Thursday, January 31, 2013

Self-control in the Classroom

The 16-9 Movement is dedicated to educators in the public schools who understand (or are learning) their high calling. Teaching is the only profession in the world whose job is to change the human brain every day (Dr. David Sousa at FETC 2013) That’s a huge charge! When you are a Christian educator, you have an even more profound call to cherish the minds of those under your charge as children of God. The idea of the 16-9 Movement is to encourage all educators to learn the first 16 words of the First Amendment which teaches us that when we are “Congress” (an employee of the state) we can neither encourage nor discourage religion. As a Christian serving in the public schools we are under authority and are law abiding. We also need to grow in the Fruit of the Spirit: love, joy, peace, goodness, kindness, gentleness, faithfulness, patience and self-control. In previous posts, I have related each of these attributes to the classroom or school setting.  Today we will look at self-control.

            Self-control, to me, is an oxymoron. Can we really control ourselves? Without the help of the Holy Spirit, unequivocally – no! However, with the gracious goodness of our God, we can learn to ask for His quick conviction. As long as we are human, we will sin, but as a Christian we must repent and change immediately. Self-control in the classroom covers our mistakes, our foolish comments that we never meant to say and the areas we need to overcome.  Our students should not be the recipients of our issues. We must make a conscious effort to present ourselves as an educator of excellence for their sake.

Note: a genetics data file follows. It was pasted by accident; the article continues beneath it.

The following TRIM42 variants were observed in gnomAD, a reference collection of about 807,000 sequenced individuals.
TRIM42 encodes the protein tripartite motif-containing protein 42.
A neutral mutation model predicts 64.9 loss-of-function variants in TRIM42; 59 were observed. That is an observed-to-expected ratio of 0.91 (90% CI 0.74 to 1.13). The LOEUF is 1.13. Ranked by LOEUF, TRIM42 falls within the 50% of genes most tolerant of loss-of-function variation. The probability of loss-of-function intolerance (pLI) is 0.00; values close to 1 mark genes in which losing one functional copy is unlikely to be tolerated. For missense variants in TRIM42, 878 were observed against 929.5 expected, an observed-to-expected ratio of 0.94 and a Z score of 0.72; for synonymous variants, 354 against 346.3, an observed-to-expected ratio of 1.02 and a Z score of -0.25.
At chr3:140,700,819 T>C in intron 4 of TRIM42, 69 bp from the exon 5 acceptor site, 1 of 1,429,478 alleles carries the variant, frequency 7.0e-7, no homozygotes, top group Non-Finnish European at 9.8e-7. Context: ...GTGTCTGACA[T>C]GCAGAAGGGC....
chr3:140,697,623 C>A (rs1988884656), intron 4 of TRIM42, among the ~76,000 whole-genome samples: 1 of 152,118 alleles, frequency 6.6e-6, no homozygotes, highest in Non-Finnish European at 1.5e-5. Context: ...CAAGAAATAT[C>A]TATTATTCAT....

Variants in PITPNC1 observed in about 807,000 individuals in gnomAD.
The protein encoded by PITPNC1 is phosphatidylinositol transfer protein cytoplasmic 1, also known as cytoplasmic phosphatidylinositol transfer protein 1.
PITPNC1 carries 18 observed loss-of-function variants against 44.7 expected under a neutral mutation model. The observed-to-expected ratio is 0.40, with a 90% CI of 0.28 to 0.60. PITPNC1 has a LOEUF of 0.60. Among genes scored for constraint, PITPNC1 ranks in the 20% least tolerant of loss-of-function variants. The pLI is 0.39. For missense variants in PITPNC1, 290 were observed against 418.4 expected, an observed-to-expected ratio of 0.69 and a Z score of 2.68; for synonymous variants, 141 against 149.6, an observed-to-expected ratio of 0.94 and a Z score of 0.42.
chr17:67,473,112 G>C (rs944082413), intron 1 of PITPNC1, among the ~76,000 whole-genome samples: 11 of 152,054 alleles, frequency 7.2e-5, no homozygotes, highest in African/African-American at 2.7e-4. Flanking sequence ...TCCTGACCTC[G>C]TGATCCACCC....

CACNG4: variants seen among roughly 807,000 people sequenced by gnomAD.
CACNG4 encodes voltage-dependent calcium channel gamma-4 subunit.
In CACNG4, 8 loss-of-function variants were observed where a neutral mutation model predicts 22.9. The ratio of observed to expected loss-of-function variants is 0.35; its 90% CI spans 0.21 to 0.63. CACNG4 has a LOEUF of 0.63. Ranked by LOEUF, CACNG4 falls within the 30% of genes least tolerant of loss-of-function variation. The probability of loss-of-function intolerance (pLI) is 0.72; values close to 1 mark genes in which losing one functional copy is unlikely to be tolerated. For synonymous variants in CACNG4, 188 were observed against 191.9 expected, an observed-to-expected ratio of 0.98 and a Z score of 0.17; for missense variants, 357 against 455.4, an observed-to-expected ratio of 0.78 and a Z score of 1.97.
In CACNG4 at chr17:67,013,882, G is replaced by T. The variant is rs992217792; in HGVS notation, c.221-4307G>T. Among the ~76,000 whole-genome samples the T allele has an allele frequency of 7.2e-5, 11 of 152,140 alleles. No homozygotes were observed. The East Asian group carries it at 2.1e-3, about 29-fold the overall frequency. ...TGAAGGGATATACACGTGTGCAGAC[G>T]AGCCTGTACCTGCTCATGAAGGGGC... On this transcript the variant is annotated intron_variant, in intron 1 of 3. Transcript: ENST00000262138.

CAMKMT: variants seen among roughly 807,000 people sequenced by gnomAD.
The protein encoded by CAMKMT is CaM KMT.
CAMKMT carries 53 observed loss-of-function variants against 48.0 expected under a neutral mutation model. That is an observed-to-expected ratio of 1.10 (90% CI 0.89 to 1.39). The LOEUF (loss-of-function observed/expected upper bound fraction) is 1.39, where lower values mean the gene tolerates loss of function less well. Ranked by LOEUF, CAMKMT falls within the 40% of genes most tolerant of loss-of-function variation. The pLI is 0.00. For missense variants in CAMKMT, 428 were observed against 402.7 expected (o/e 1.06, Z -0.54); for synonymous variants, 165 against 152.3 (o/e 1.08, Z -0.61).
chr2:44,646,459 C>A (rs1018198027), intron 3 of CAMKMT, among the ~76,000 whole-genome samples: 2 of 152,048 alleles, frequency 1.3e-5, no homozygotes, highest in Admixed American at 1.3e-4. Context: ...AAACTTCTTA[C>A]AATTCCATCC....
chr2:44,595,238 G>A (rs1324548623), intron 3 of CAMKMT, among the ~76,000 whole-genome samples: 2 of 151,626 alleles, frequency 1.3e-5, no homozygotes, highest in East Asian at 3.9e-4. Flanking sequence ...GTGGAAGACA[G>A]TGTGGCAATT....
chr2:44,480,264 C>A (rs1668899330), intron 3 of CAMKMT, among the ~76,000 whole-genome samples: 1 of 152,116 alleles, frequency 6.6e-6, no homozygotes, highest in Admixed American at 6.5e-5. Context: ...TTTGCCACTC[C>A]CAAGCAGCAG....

In, self-control is defined as: self-con·trol [self-kuhn-trohl, self-]
noun, control or restraint of oneself or one's actions, feelings, etc. In the classroom, self-control encompasses every fruit of the Spirit, every emotions and feeling, and everything we do. Being in control of oneself, is being on time, being an example of faithfulness to our students and colleagues, using words that are kind and good and being aware of our influence. All teachers are change agents, but not all change is positive influence. With God’s help and the empowering of the Holy Spirit, Christian educators can walk out their high calling with grace and confidence while always being lawful.  Some probing questions that may help with self-control in the classroom are:

  •  Am I leaving my personal issues at home?
  •  Am I bringing my A game to the students (or co-workers) each day?
  • Am I choosing my words wisely?
  • Am I praying before the day begins for a double-portion of wisdom for that day?
  • Am I longing to be a better ambassador for Christ so that my student benefit from having a Christian as their teacher?

            There is nothing simple about being a Christian in the public schools, but this career is the greatest gift that God has given us. Who wouldn’t want their child to have a teacher, paraprofessional or administrator who is practicing the Fruit of the Spirit in the school environment?  We can all benefit from professionals using self-control and Christian educators shining their light through their walk each day.  May God grant you the wisdom and blessing of practicing self-control in the classroom.

Prayerfully dependent,

Note: To more fully understand the 16-9 Movement, please read the first blog entry by clicking here.

Christian Educators Association International is the only professional association in the United States specifically for Christian educators in public schools.  CEAI protects our members first in prayer,  next with excellent professional liability insurance and other benefits while helping them live out their high calling as a Christian in the public school.  

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